Linux MD problem

Mike Lovell mike at
Wed Jul 8 11:24:26 MDT 2009

Shane Hathaway wrote:
> I would try assembling the array without sdx1:
>    mdadm --assemble /dev/md0 /dev/sd[uvw]1 missing
> If that works, I would check the filesystem for errors *without 
> repairing anything yet*, since I don't want to change any bits at all yet:
>    e2fsck -n -f /dev/md0
> If that shows no errors, or a small number of easily repaired errors, 
> then I would try to re-add sdx1:
>    mdadm --manage --re-add /dev/md0 /dev/sdx1
> If that second command fails, I would use "--add" instead of "--re-add", 
> causing sdx1 to be rebuilt from scratch.
> Then I would perform the real filesystem repair:
>    e2fsck -p -f /dev/md0
> If the first command I gave doesn't work, I would use "dd" to copy the 
> partitions to backup drives before doing anything else, then I would do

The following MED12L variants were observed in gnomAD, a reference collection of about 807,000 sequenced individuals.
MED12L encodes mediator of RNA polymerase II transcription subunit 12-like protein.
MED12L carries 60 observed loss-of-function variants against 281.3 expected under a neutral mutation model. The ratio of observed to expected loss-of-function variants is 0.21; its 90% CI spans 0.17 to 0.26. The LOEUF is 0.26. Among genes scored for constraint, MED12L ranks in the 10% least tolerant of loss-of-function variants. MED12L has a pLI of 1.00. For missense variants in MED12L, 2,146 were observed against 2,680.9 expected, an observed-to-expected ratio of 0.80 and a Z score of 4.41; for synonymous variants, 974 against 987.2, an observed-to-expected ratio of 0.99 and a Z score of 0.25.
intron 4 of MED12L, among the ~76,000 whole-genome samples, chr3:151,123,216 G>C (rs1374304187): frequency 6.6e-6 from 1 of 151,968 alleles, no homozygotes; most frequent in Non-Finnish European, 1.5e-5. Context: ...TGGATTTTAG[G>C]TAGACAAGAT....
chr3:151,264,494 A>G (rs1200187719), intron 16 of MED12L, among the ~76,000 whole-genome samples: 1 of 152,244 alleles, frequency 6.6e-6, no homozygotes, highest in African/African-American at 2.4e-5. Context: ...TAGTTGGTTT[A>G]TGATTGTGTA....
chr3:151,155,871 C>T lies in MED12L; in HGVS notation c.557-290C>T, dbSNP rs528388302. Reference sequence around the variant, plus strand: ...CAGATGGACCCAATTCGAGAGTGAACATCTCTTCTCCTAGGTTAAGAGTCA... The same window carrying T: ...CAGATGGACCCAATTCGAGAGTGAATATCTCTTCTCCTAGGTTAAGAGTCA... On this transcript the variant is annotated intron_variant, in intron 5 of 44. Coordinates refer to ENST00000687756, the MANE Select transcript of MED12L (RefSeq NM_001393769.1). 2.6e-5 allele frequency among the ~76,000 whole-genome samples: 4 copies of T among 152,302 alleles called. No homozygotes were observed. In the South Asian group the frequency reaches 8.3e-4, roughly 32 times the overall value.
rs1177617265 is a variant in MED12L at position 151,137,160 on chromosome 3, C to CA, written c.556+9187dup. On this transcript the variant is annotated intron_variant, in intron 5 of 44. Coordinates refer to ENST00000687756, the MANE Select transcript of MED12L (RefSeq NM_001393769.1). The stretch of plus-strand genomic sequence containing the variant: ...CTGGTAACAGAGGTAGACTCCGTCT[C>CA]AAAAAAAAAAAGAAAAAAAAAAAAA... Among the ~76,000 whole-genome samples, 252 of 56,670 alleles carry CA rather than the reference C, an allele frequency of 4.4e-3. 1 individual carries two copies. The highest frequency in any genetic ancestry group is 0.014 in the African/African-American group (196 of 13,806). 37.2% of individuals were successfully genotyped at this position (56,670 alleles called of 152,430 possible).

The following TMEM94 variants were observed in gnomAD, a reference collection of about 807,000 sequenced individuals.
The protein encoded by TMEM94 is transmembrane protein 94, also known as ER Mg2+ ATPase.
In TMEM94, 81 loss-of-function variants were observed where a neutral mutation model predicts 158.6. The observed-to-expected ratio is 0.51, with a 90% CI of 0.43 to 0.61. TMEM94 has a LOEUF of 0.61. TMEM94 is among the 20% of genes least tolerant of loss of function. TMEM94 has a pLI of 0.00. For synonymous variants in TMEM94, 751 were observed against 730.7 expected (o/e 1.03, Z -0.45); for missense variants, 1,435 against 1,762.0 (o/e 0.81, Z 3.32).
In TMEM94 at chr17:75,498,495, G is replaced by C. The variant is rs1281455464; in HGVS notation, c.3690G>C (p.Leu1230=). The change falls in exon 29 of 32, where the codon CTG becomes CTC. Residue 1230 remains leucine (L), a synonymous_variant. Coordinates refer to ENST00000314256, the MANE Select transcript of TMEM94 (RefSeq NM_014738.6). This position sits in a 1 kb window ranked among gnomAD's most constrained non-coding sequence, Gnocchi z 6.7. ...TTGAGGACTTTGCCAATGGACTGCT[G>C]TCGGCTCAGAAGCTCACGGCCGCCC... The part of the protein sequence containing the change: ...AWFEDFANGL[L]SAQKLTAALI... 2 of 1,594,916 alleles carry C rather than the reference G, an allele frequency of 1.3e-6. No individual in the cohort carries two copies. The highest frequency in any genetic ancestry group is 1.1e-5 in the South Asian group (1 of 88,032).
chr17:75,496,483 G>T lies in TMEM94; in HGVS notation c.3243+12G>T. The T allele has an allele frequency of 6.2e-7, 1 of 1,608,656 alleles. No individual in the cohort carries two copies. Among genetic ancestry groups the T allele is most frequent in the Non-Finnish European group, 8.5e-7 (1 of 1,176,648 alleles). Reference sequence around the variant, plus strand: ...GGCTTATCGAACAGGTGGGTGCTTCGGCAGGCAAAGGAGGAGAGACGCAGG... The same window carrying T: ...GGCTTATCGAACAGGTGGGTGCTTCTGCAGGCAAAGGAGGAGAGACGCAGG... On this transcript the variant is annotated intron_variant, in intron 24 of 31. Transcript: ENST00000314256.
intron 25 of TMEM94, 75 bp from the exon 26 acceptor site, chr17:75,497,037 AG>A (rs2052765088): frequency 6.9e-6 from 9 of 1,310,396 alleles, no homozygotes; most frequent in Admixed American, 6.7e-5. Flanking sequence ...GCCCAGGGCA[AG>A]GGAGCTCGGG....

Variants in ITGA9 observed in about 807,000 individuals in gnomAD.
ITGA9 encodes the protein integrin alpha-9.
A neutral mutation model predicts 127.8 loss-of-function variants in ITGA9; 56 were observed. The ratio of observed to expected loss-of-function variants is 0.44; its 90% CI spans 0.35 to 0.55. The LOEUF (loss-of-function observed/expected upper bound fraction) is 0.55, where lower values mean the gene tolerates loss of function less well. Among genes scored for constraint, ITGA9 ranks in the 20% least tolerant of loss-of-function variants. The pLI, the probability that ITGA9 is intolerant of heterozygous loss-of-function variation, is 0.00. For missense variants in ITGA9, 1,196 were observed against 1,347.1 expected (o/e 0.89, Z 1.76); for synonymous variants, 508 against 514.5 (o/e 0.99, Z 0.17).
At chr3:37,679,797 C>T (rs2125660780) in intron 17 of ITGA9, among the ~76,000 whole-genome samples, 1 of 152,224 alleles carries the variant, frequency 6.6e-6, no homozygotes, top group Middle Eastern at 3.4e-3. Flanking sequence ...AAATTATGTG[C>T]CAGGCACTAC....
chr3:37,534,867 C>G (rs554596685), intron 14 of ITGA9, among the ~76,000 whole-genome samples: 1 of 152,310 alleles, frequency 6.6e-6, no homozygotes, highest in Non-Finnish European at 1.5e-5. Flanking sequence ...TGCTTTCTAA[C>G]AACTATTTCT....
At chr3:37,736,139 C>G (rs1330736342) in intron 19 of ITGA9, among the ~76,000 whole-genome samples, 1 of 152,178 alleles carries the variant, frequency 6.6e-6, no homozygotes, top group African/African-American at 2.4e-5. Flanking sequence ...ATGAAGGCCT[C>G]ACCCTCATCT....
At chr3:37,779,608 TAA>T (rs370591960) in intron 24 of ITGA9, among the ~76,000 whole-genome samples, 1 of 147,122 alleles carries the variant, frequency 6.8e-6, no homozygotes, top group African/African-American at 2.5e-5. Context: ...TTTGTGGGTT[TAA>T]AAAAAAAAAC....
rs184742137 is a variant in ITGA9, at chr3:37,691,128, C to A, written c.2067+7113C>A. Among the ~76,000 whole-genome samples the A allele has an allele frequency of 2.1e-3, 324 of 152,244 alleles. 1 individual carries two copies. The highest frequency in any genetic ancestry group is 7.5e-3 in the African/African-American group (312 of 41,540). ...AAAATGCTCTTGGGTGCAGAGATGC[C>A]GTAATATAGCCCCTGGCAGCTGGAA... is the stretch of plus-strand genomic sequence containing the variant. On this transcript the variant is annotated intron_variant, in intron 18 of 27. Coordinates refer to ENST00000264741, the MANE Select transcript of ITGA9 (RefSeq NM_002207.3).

> more aggressive things like "mdadm --assemble --force --update resync".
> Shane

I think I got something that works. Here is what I did.

# mdadm --assemble --force  /dev/md0 --uuid=<uuid of the array> 

This started md0 using u,v,w but without x since it looks like x had the 
superblock that was causing problems. I don't have a filesystem directly 
on top of md0. It is a pv for an LVM group. So I did

# pvscan
# vgdisplay
# lvdisplay
# lvchange -ay vg/lv
# fsck.ext3 -nf /dev/vg/lv

This seems to have picked up the VG and all of the LVs. The fsck of the 
one LV did not return any errors. So I am assuming the array is okay. 
After that, I added sdx1 back to the array with

# mdadm /dev/md0 --add /dev/sdx1

Now, in /proc/mdstat, i see the full array and it is resync'ing to sdx1. 
So I think it is back to a usable state. Thanks for the help to both 
Shane and Kenneth.


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